New Jersey’s Acting Attorney General Peter Harvey announced that a Middlesex County man has pled guilty to theft charges for fraudulently receiving more than $49,000 in Social Security disability benefits.
According to Vaughn McKoy, Acting Director, Division of Criminal Justice and Insurance Fraud Prosecutor Greta Gooden Brown, Gerard M. Zaccardi pled guilty before Middlesex County Superior Court Judge Deborah Venezia to one count of theft by deception (3rd degree) and one count of unsworn falsification to authorities (4th degree). A crime of the third degree carries a maximum sentence of up to five years in state prison and a fine of up to $15,000. A fourth degree crime carries a maximum penalty of up to 18 months in state prison and a fine of up to $10,000. Zaccardi also faces civil insurance fraud fines pursuant to the Insurance Fraud Prevention Act. Zaccardi is scheduled to appear before Judge Venezia on June 23, 2003 to be sentenced.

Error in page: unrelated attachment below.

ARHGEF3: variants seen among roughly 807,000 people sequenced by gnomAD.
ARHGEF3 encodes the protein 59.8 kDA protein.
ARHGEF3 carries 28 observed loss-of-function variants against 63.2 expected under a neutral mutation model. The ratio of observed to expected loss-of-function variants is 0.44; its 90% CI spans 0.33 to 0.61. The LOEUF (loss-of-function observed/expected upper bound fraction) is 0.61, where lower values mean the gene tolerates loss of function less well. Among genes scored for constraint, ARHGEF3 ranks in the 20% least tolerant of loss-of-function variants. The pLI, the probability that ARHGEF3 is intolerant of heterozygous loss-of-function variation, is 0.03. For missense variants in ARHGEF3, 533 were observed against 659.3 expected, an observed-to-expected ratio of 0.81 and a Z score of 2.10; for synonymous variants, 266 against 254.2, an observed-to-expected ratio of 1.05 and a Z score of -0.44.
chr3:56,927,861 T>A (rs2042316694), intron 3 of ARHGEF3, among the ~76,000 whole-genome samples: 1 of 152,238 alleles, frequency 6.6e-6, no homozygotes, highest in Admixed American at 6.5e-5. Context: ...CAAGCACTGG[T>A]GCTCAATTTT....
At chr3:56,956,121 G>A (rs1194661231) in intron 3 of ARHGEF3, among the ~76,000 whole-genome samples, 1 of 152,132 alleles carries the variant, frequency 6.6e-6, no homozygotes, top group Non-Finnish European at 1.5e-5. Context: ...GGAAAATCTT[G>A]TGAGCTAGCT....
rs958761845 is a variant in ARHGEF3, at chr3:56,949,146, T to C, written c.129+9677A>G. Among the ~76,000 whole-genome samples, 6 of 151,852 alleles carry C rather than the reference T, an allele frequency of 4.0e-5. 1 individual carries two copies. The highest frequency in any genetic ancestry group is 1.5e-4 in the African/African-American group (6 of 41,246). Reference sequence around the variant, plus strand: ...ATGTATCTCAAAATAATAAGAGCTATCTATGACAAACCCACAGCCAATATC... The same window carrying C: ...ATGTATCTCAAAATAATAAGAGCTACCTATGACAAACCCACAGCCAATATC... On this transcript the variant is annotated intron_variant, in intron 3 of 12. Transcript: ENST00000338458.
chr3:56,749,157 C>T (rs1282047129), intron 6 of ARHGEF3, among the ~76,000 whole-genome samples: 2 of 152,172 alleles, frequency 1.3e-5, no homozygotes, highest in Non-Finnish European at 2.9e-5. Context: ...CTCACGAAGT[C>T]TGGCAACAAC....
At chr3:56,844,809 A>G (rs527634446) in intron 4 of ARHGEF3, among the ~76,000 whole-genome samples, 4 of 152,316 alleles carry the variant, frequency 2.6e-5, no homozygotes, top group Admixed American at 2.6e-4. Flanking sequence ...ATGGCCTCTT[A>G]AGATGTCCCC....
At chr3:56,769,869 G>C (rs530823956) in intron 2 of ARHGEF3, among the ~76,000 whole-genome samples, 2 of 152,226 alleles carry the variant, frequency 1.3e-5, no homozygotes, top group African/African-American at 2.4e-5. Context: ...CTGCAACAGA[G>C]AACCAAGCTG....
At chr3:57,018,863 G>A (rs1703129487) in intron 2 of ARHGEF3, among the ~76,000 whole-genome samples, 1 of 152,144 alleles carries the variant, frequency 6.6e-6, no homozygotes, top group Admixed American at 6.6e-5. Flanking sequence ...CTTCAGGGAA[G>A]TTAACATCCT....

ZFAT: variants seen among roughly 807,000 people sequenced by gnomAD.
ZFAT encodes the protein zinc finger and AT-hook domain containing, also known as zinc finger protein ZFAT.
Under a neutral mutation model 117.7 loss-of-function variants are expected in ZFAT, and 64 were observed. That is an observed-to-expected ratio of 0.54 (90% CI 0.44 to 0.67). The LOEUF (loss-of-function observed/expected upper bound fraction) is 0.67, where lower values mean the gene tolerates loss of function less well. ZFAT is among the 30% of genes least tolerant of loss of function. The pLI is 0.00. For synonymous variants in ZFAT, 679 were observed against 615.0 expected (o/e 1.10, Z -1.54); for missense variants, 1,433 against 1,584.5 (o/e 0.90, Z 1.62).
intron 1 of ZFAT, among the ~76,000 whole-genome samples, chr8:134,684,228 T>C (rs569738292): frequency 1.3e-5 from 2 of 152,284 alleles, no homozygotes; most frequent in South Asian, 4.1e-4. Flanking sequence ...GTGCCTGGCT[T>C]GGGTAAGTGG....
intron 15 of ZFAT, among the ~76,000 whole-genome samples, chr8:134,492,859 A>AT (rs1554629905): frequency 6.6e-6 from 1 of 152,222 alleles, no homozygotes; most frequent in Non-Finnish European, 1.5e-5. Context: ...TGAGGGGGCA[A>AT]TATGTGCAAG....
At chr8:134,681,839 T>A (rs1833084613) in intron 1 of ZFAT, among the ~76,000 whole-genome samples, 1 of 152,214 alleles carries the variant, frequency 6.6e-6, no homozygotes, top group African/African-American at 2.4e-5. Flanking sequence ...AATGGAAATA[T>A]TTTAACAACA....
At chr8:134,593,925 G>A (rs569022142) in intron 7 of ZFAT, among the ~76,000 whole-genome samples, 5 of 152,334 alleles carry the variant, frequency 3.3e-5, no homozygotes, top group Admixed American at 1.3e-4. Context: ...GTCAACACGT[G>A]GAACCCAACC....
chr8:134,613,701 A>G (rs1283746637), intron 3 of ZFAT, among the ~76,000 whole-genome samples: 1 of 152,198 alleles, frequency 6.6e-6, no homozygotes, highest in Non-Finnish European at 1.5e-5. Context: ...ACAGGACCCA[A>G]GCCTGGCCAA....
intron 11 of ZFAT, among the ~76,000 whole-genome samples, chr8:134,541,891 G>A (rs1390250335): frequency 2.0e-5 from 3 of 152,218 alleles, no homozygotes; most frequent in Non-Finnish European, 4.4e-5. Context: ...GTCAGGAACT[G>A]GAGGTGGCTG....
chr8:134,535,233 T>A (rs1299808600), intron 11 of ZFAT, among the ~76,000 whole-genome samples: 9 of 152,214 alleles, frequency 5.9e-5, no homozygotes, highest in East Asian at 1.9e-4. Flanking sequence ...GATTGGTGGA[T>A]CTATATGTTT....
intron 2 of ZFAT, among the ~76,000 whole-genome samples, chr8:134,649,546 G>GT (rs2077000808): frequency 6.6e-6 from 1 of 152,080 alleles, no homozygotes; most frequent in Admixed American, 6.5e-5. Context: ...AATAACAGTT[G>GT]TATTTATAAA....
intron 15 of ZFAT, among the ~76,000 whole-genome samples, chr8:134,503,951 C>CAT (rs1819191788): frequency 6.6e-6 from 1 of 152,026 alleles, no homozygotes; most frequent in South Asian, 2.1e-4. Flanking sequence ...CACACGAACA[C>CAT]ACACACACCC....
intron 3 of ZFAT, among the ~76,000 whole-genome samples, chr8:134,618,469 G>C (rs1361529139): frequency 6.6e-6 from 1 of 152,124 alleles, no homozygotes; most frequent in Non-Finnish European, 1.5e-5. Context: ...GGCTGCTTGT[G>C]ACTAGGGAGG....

The charges were obtained by the Division of Criminal Justice – Office of Insurance Fraud Prosecutor in a State Grand Jury indictment returned on March 8, 2002. At the guilty plea hearing, Zaccardi reportedly admitted that between Sept., 1997 and June, 2001, to fraudulently misleading the Social Security Administration (SSA) into paying disability benefits to which he was not entitled.
The Office of Insurance Fraud Prosecutor investigation determined that Zaccardi filed a “Social Security Administration Report of Continuing Disability” which contained false information regarding his ability to return to work and which failed to advise the SSA that he was working at an automobile repair shop while receiving disability benefits following a 1988 work place injury.
Pursuant to SSA regulations, Zaccardi was required to notify the SSA when his physical condition improved and he was able to return to work, at which time any disability benefits would terminate. Although Zaccardi returned to work at an automobile repair shop, he reportedly never notified the SSA.
The extent of the fraud to the Social Security Administration resulted in an overpayment of more than $49,200 in disability benefits.
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